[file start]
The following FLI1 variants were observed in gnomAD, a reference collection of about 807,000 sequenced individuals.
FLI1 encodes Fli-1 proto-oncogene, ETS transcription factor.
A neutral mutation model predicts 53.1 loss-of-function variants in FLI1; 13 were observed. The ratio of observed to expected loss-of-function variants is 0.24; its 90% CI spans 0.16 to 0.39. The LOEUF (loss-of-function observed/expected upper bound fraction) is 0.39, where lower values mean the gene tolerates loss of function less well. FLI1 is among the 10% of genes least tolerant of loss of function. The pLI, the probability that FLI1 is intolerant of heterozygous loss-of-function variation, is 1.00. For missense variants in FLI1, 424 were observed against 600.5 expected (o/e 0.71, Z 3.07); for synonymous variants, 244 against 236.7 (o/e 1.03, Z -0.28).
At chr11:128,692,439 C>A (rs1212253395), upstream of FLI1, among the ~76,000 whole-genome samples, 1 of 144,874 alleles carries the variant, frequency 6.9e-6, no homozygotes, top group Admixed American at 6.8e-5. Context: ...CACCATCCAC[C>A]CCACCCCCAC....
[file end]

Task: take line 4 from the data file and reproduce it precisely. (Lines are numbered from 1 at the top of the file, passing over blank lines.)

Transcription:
At chr11:128,692,439 C>A (rs1212253395), upstream of FLI1, among the ~76,000 whole-genome samples, 1 of 144,874 alleles carries the variant, frequency 6.9e-6, no homozygotes, top group Admixed American at 6.8e-5. Context: ...CACCATCCAC[C>A]CCACCCCCAC....